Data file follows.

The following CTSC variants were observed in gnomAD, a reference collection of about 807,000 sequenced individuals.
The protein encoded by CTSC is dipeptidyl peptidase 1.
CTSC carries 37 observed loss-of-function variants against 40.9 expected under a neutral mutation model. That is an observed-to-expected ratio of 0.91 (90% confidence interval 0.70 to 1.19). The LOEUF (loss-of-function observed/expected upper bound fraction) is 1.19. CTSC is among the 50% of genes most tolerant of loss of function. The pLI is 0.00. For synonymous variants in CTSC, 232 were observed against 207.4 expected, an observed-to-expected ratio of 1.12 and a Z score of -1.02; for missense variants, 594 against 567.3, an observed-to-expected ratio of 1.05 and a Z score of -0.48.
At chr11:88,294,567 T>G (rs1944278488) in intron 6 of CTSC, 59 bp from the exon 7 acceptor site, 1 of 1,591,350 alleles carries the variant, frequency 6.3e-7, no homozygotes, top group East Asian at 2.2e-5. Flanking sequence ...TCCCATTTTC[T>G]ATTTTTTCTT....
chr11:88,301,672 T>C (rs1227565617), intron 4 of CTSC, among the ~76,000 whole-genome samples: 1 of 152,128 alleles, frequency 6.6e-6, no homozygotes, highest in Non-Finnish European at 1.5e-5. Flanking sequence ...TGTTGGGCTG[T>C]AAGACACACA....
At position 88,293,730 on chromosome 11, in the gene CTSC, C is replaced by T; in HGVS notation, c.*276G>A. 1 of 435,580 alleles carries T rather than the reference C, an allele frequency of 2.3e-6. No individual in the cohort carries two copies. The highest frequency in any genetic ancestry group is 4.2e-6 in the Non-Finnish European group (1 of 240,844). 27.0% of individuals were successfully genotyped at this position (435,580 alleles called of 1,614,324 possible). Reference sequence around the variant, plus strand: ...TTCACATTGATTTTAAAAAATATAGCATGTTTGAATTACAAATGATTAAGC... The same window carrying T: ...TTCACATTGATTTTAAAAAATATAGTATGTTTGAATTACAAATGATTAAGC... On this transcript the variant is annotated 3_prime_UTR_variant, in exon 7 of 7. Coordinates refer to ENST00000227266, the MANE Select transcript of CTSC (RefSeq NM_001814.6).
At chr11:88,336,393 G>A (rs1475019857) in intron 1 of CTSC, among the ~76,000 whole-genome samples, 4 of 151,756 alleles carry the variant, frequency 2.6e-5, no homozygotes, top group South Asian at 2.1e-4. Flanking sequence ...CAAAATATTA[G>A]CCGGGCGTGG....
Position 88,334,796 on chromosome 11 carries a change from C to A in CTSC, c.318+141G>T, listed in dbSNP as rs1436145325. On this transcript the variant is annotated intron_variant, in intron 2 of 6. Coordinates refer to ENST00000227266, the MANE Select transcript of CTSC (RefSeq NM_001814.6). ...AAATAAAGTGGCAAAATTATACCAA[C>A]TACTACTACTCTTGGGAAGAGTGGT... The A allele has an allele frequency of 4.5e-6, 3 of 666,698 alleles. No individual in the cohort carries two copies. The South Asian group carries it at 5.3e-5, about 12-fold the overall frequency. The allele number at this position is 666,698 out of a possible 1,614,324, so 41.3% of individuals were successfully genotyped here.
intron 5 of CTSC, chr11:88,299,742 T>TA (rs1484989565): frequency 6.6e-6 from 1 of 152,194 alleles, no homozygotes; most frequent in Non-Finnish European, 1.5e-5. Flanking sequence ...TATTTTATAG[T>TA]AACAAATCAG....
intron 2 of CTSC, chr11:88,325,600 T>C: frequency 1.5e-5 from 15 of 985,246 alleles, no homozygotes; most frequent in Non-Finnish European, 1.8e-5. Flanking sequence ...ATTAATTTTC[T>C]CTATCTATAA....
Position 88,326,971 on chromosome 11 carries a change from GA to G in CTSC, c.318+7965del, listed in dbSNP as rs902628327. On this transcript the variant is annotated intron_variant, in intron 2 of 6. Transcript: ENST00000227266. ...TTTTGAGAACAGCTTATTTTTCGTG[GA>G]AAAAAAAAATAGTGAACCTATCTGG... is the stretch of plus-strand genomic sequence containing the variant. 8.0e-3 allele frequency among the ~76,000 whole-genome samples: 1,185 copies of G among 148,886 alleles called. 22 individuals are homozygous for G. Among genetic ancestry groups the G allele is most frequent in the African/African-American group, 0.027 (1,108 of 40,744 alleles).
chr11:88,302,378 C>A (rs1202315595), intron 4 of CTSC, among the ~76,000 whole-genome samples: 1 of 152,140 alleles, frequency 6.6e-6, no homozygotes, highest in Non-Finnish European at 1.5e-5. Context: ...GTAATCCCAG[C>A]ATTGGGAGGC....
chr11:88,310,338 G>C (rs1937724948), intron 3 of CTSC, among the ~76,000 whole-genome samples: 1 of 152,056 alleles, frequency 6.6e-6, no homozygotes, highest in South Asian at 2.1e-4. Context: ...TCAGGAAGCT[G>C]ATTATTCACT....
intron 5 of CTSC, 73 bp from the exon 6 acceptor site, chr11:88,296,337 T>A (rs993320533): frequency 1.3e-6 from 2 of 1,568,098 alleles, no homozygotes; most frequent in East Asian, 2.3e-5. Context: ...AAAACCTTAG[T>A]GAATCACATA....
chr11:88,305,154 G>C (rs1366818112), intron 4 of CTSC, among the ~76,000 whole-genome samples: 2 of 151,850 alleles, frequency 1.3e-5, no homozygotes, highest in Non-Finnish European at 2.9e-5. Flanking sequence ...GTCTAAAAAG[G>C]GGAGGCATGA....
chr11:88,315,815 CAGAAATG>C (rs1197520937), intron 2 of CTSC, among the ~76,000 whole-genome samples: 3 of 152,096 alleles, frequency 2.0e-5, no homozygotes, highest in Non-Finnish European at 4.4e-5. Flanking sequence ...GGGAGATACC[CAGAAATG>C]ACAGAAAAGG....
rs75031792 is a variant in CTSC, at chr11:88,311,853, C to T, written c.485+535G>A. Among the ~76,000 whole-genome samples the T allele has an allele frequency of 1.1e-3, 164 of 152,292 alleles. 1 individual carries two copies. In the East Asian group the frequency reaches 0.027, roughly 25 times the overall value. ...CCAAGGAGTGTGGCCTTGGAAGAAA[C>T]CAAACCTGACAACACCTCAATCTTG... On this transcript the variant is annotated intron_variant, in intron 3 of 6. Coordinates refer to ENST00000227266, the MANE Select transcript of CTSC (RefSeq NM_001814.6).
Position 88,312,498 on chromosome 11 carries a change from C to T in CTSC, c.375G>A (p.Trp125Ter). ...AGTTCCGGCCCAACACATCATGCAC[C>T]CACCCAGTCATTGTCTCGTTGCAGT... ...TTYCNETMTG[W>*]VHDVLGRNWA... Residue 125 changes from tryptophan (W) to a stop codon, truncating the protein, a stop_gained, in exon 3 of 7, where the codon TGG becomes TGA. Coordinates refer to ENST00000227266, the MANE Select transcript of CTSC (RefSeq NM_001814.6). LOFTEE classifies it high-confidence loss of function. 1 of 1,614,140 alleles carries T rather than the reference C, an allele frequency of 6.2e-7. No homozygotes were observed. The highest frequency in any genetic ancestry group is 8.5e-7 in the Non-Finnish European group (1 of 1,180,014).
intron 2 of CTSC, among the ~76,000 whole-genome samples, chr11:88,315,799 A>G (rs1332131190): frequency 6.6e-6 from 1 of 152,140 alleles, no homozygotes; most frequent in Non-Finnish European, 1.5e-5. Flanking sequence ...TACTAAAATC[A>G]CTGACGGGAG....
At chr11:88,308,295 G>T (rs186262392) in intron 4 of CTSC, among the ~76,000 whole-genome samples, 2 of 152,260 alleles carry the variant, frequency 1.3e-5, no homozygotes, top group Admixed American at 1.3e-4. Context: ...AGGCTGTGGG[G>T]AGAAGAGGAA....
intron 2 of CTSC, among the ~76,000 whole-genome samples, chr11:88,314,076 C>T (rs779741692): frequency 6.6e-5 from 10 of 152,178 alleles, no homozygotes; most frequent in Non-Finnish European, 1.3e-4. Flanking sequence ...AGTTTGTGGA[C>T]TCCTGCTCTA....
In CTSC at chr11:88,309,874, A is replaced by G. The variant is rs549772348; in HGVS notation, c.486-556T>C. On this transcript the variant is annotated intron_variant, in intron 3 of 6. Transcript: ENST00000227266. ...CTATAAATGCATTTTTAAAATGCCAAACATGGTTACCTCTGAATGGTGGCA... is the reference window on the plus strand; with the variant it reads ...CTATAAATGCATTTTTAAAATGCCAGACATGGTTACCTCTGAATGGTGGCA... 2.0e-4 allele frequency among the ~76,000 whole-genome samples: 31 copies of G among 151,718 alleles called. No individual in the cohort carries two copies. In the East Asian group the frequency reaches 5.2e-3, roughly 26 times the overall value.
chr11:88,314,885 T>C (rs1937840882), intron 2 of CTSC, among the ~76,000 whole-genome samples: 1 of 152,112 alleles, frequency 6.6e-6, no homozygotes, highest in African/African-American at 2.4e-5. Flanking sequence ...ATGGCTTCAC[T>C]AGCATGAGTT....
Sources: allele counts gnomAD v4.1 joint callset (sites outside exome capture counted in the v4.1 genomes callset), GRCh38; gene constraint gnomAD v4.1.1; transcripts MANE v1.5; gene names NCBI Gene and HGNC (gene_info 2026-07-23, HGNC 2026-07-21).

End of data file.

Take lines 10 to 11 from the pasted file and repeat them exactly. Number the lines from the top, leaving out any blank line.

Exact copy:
intron 2 of CTSC, chr11:88,325,600 T>C: frequency 1.5e-5 from 15 of 985,246 alleles, no homozygotes; most frequent in Non-Finnish European, 1.8e-5. Flanking sequence ...ATTAATTTTC[T>C]CTATCTATAA....
Position 88,326,971 on chromosome 11 carries a change from GA to G in CTSC, c.318+7965del, listed in dbSNP as rs902628327. On this transcript the variant is annotated intron_variant, in intron 2 of 6. Transcript: ENST00000227266. ...TTTTGAGAACAGCTTATTTTTCGTG[GA>G]AAAAAAAAATAGTGAACCTATCTGG... is the stretch of plus-strand genomic sequence containing the variant. 8.0e-3 allele frequency among the ~76,000 whole-genome samples: 1,185 copies of G among 148,886 alleles called. 22 individuals are homozygous for G. Among genetic ancestry groups the G allele is most frequent in the African/African-American group, 0.027 (1,108 of 40,744 alleles).